Glamorous results for make-up in UAE

Women in the UAE spend 38 per cent more on make-up than the French, a country home to some of the world's biggest beauty brands.
Women in the UAE spend more on cosmetics than European women.
Women in the UAE spend more on cosmetics than European women.

Women in the UAE spend 38 per cent more on make-up than their counterparts in France, home to some of the world's biggest beauty brands.

It should therefore come as no surprise to hear that the industry is booming in the Emirates. And a recent study by the Dubai Chamber of Commerce and Industry (DCCI) has revealed just how much it is worth. Between 2003 and last year annual imports of beauty products to the UAE rose from Dh1.4 billion (US$381.1 million) to Dh4.1bn, while exports jumped from Dh100m to Dh400m over the same period. The value of Dubai's cosmetics retail sector grew from Dh3bn in 2005 to Dh5.5bn last year.

The forecast is based on a report by Euromonitor International, which recently revealed that spending on cosmetics in the UAE is considerably higher than that in many European countries.

A number of factors fuelled the growth of the sector in the Emirates, including a phenomenon known as the "lipstick effect".

"This is the view that is commonly held among consumers that cosmetics and well-being products are often considered a daily necessity," said Dr Belaid Rettab, the senior director at the DCCI's Economic Research and Sustainable Business Development sector.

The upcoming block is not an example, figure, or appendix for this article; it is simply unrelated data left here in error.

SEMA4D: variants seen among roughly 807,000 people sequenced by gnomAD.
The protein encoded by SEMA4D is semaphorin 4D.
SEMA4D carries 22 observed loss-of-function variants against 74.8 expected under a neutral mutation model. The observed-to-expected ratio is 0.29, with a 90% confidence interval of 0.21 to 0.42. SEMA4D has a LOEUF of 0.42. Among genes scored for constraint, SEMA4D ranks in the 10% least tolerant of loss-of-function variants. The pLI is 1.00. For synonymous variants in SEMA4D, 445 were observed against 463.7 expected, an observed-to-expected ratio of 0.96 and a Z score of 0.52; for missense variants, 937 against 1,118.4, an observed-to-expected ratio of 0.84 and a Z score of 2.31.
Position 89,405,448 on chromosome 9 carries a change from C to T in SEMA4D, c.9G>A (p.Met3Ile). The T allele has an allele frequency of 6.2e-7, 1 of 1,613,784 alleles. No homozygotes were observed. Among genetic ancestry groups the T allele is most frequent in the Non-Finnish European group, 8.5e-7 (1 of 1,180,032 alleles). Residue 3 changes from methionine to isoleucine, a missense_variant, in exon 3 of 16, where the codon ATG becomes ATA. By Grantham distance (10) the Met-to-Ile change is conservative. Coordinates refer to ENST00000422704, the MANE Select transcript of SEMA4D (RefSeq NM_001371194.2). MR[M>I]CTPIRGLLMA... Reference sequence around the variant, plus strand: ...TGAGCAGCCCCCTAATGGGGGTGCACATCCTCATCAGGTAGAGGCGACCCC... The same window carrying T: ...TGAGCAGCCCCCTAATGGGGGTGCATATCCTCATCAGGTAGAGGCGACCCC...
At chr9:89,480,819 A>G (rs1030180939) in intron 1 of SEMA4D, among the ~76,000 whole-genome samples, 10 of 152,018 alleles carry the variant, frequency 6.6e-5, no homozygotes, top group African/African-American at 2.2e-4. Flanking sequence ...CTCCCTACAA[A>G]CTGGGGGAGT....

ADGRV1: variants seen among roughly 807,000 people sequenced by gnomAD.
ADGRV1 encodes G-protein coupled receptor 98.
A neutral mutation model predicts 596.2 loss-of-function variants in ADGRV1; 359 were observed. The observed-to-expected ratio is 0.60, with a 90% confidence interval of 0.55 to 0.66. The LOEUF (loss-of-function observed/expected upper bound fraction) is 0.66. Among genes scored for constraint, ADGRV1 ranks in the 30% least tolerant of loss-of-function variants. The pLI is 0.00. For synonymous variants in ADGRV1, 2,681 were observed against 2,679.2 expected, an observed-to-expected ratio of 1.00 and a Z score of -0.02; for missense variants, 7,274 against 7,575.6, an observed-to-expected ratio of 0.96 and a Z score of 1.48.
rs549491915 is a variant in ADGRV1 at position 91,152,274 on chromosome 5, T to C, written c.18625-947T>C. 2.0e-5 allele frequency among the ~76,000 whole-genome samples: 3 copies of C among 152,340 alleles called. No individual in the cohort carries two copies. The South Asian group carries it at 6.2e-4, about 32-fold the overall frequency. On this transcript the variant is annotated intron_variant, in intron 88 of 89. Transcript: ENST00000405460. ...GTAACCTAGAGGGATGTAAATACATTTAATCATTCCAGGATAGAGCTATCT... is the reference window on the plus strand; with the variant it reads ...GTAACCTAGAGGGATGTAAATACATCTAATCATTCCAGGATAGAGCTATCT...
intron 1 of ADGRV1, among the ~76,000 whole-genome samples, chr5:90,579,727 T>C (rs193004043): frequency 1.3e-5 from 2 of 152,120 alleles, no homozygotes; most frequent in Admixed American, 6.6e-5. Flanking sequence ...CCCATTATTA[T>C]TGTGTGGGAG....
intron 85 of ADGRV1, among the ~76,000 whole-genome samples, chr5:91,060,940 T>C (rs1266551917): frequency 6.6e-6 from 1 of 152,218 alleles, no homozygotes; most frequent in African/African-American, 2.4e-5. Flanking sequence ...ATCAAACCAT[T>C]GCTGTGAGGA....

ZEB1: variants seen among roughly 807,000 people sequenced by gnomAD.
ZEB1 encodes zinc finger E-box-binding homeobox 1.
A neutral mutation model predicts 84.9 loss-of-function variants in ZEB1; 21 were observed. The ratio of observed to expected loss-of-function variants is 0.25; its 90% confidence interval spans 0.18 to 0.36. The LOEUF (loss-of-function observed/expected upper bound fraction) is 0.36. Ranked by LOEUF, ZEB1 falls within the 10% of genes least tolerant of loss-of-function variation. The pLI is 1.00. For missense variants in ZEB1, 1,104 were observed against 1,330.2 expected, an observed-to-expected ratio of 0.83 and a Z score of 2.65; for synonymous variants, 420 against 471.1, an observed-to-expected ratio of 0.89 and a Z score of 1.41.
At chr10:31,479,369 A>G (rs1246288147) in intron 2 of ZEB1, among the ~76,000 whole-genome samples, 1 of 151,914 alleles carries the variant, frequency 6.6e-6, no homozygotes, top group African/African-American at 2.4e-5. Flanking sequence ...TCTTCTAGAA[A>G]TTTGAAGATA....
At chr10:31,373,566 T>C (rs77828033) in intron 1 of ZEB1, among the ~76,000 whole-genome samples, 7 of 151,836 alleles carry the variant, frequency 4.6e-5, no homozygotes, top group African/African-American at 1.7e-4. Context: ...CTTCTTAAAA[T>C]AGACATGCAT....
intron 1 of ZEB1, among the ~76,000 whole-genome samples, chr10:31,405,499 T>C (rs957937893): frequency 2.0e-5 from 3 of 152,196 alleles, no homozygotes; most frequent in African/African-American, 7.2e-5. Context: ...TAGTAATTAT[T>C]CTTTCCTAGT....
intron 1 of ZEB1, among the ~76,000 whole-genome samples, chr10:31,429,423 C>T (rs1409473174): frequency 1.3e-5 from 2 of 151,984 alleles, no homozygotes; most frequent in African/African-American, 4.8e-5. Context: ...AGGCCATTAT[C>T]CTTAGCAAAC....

"These products exhibit stable sales and are hardly affected by the economic cycle."

The Dubai Shopping Festival and Dubai Summer Surprises also contributed to the growth of the sector, but duty free sales at Dubai International Airport played a major part, Dr Rettab said.

"The airport is a strategic transit hub in the region and has incredibly strong sales in luxury goods, especially cosmetics and perfumes, and this trend is expected to continue."

Tourism generally contributed to the expansion of the sector as visitors tend to spend their holiday money in luxury spas and on beauty treatments and products, Dr Rettab said.

Dubai's young population and sizeable middle class accounted for the final factor in the growth of the cosmetics sector.

"Young people tend to spend more on luxury products and this is increasingly true for regions where people have higher disposable incomes," Dr Rettab said.

 

business@thenational.ae

Published: August 2, 2011 04:00 AM

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